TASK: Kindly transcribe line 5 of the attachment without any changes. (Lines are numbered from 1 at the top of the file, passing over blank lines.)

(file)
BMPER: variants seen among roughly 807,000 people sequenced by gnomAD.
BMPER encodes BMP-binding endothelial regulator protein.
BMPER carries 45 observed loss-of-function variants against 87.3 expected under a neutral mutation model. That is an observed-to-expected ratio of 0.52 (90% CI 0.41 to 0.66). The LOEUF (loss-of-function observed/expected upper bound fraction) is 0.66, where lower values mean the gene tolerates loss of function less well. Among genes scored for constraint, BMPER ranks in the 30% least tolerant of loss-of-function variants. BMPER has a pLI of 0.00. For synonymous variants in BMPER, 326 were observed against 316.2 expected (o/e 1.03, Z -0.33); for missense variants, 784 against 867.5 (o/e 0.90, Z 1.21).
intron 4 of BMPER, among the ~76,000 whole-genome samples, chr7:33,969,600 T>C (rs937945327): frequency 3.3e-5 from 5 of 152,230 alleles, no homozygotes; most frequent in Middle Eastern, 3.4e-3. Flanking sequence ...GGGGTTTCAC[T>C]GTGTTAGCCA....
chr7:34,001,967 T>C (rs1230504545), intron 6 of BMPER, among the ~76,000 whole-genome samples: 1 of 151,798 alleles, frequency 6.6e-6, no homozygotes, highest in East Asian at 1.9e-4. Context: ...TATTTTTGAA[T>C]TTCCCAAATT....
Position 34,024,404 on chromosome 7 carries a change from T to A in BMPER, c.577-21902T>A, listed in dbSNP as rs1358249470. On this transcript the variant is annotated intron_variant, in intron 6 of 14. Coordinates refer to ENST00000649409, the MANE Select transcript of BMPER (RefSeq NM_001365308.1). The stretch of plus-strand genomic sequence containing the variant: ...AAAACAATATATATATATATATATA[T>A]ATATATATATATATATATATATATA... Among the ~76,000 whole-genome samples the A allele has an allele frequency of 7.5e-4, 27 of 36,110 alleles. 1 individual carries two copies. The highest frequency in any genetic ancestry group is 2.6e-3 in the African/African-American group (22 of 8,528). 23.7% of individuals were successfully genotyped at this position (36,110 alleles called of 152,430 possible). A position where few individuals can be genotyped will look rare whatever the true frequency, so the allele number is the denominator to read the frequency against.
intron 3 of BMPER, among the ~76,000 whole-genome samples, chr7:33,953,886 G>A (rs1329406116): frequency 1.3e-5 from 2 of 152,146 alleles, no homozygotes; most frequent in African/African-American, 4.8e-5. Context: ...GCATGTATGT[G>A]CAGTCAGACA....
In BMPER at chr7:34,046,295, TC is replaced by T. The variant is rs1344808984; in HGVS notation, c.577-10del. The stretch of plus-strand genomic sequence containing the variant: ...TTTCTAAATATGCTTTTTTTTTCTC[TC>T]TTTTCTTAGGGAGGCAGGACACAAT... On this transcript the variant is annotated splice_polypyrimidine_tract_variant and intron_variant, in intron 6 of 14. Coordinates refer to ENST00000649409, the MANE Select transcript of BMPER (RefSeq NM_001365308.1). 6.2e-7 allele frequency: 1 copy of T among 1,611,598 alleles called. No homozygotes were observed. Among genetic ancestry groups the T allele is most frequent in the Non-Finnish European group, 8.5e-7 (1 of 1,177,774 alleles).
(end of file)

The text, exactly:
chr7:34,001,967 T>C (rs1230504545), intron 6 of BMPER, among the ~76,000 whole-genome samples: 1 of 151,798 alleles, frequency 6.6e-6, no homozygotes, highest in East Asian at 1.9e-4. Context: ...TATTTTTGAA[T>C]TTCCCAAATT....